Tuesday, June 20, 2006

Connecticut follies

I've refrained from covering the fracas enveloping the Connecticut primary race for Senator, but the issues surrounding this contest are spilling over to the national scene. For those of you unaware, Joe Lieberman is facing a challenge within the Democratic Party ranks from a relatively unknown and more progressive candidate named Ned Lamont. Lamont has become a darling of the majority of those of us a bit further to the left of insane, and Lieberman seems to dislike being challenged. Lieberman's actions and words, chronicled daily (if not more often) on the Daily Kos site linked to on my sidebar, are becoming more and more unhinged. He is clearly taking this challenge as a personal affront, as if that Senate seat is his private property, instead of the Connecticut citizens'. The important thing to note for the rest of us is that Connecticut is such a Democratic stronghold that given a two-way race between the parties there, anyone gaining the Democratic nomination is virtually a lock to win the general election. What Lieberman seems to forget is that very fact; the vast majority of Connecticut denizens are pretty reliably Democratic and fairly left of what used to be center.
The fact that Lamont is getting as much play as he is (and Lieberman is still ahead of him in all the polls that have ever been run, although his lead is rapidly shrinking) is a testament to how dissatisfied Connecticutians are with Lieberman, but Lieberman has reacted to that news not by changing his behavior but by becoming more and more defensive. He (or more accurately, his campaign advisors) has tried to smear Lamont as both a closet Republican and also adored by radical leftists. Huh? Sadly, Lieberman has become so enamored of his job that he is willing to jettison his own party affiliation in order to keep it, rather than respect the wishes of his Democratic constituents.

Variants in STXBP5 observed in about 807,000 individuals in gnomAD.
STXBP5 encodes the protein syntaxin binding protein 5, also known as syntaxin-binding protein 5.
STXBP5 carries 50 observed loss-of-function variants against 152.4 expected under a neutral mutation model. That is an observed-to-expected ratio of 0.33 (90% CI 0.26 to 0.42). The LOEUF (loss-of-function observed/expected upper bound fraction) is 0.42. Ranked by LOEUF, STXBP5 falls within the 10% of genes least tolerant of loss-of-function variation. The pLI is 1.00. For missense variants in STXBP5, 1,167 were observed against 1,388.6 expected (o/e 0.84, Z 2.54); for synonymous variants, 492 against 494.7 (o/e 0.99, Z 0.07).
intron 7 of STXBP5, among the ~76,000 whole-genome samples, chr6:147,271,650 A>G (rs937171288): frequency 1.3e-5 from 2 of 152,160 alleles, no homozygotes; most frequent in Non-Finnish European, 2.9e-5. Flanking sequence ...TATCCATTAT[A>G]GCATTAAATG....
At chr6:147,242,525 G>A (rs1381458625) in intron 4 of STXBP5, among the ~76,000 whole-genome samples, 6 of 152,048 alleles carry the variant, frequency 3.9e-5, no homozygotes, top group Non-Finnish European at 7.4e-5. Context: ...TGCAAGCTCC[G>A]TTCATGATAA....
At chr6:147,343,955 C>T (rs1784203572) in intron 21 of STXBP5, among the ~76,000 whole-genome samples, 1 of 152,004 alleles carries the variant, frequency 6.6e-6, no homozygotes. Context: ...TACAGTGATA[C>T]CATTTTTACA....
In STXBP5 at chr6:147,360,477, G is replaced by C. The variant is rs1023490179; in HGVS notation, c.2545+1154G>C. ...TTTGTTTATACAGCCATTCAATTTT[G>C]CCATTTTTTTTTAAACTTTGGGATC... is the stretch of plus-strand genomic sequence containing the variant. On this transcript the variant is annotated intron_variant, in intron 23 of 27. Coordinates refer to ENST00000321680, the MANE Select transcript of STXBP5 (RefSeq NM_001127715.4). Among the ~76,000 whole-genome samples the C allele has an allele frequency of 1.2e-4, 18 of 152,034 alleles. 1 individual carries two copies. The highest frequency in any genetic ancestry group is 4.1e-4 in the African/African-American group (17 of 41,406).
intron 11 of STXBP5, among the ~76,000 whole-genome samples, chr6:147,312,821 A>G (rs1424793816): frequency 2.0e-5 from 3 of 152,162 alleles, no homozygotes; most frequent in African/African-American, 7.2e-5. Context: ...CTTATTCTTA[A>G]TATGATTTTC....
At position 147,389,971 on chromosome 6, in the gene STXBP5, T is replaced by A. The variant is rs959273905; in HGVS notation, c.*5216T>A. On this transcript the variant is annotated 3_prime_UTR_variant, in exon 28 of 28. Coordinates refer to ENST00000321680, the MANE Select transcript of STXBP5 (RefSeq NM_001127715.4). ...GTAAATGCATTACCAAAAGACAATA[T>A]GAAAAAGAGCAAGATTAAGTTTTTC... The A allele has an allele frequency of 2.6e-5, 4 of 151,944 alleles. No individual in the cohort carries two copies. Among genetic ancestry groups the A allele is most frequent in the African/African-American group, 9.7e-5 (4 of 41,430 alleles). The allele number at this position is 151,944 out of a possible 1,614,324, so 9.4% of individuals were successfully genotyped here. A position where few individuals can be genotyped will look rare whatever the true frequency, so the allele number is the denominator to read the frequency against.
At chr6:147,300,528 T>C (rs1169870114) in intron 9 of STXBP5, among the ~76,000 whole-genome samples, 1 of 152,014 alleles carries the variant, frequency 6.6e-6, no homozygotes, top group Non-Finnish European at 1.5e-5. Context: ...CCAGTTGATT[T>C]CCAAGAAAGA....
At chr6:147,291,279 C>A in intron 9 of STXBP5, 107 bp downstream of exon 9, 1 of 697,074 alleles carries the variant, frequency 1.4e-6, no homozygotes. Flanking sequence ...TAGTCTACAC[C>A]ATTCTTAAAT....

Of course, it is this attitude that gave rise to Lamont's campaign in the first place. If Lieberman had shunned the spotlight that the rightwing media keeps shining on him--he's a favorite of both Bill O'Reilly and Sean Hannity, let alone the stalwart William F. Buckley (and who can forget the Smirky kiss? Yeesh.)--and refused to criticize his own party publicly (see here for a recap of Lieberman's "unusual" concept of party allegiance), there wouldn't be nearly enough of a record to launch an oppositional campaign against him. He's not a bad Democrat because of his voting record, necessarily; he'd be a "better Democrat" if he were from a red state like Utah or Nebraska. The problem with Joe is that he's from a very blue state, and we should have someone more in line with mainstream Democratic Party ideals representing them. The fact that he's such an egotistical jerk makes it all the easier to root against him. If he truly does bolt the party and run as an independent, we can only hope that that act alone causes him to be forever shunned by the good folks in Connecticut. Maybe then he'll be forced to reassess his actual goals as a politician and more importantly, his true beliefs as an American. He sure ain't doing it now . . .


Post a Comment

<< Home